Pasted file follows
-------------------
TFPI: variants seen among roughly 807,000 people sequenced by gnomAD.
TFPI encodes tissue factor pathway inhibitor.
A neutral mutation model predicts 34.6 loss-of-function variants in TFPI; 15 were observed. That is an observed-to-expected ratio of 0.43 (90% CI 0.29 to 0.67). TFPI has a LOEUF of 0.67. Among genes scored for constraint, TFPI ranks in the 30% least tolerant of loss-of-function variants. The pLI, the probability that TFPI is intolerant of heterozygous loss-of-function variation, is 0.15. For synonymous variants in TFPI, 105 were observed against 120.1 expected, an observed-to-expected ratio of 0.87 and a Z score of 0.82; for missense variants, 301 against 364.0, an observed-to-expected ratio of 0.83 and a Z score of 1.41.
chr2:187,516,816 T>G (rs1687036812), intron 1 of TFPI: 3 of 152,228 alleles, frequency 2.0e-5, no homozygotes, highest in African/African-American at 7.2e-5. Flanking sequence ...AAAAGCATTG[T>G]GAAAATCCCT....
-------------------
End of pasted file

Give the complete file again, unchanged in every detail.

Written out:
TFPI: variants seen among roughly 807,000 people sequenced by gnomAD.
TFPI encodes tissue factor pathway inhibitor.
A neutral mutation model predicts 34.6 loss-of-function variants in TFPI; 15 were observed. That is an observed-to-expected ratio of 0.43 (90% CI 0.29 to 0.67). TFPI has a LOEUF of 0.67. Among genes scored for constraint, TFPI ranks in the 30% least tolerant of loss-of-function variants. The pLI, the probability that TFPI is intolerant of heterozygous loss-of-function variation, is 0.15. For synonymous variants in TFPI, 105 were observed against 120.1 expected, an observed-to-expected ratio of 0.87 and a Z score of 0.82; for missense variants, 301 against 364.0, an observed-to-expected ratio of 0.83 and a Z score of 1.41.
chr2:187,516,816 T>G (rs1687036812), intron 1 of TFPI: 3 of 152,228 alleles, frequency 2.0e-5, no homozygotes, highest in African/African-American at 7.2e-5. Flanking sequence ...AAAAGCATTG[T>G]GAAAATCCCT....